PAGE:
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8 Things You Should Know About Shailene Woodley’s ‘White Bird in a Blizzard’

8 Things You Should Know About Shailene Woodley's 'White Bird in a Blizzard'

At the end of “White Bird in a Blizzard,” I felt sad and dirty and lost. Call it the Gregg Araki effect. The writer/director’s beautifully told films make you feel warm and fuzzy, with bubblegum candy colors and likable young characters, before revealing a latent darkness that leaves you unsafe and unsettled. And these warring sensibilities have never felt more at odds (or at home) with each other than in the campy, creeping dread of “White Bird.”

Foremost the director of “The Living End,” “The Doom Generation” and “Mysterious Skin” (this is his first film since 2010 pratfall “Kaboom”), Araki sheds his new queer cinema roots for this Shailene Woodley vehicle about a 17-year-old girl named Kat whose sexual awakening is sparked by the spooky disappearance of her down-in-the-doldrums alcoholic mother, played with wicked malaise and malice by an out-of-place (but never out-of-step) Eva Green. Then there’s Kat’s stiff, emotionally pent-up father (Christopher Meloni) with more than a few skeletons in the closet, her stoner (yet sexy) troglodyte of a boyfriend next door (Shiloh Fernandez) and the 40-something cop (Thomas Jane) she’s seducing.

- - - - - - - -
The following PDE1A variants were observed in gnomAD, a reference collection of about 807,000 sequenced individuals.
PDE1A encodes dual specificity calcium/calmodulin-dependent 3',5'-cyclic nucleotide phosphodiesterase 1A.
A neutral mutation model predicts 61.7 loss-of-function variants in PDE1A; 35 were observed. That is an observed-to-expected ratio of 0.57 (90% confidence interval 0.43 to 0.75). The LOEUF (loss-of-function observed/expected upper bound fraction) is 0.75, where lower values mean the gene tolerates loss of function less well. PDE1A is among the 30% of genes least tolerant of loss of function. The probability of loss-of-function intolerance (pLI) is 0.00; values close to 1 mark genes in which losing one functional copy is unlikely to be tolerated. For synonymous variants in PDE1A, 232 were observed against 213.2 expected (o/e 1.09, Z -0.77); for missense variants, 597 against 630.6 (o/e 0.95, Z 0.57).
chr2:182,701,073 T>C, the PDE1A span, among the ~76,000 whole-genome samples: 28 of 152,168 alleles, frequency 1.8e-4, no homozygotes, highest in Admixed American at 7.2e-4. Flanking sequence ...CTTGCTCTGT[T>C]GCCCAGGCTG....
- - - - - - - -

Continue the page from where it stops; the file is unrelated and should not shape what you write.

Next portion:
READ: Review: Shailene Woodley Stars in Gregg Araki’s “White Bird in a Blizzard”

With novelistic voiceover, sun-stained small town California setting and a killer soundtrack, it’s pure Araki and Shailene Woodley’s presence in such a dark and offbeat (though troubling) indie should help it find the audience it deserves. Tuesday night, I went to the film’s Los Angeles premiere, which was attended by Araki, Woodley, Meloni, Araki bud Joseph Gordon-Levitt, Araki forebear Gus Van Sant and a bunch of Hollywood hipsters.

Here are eight things to keep in mind about “White Bird in a Blizzard” going forward:

1. Shailene Woodley bares all. Yes, Shailene Woodley (now 22 years old) gets nude, body-and-soul, in the film’s uncomfortably frank but very real sex scenes. Fernandez’s teen idiot next door pops her cherry. But also she sleeps with a much-older Thomas Jane, a disturbing but nonchalantly played dynamic that may send some bubbly “Divergent” devotees running for the hills. Hearing her utter the words “I miss fucking you” comes as a bit of a shock.

2. But this is not her adult actress vehicle. At the LA after-party, Shailene Woodley (“Shay,” as she warmly referred to herself before offering me an affectionate hug) reminded me that “White Bird in a Blizzard” was shot two years ago. And in the film she plays a 17-year-old girl engaging in some very adult behavior, but the idea that she’s still a kid (and a severely repressed one at that) is central to the film’s story.


3. Nor does it announce her turn to indie films. And since the film was shot two years ago, “White Bird” doesn’t signal more independent roles for Woodley just yet. Her hands are tied in “Divergent” chores through 2017, as the hot young-adult franchise rolls out over three more films. But she’s so terrific and honest and real in “White Bird,” you miss the Woodley of “Descendants” days.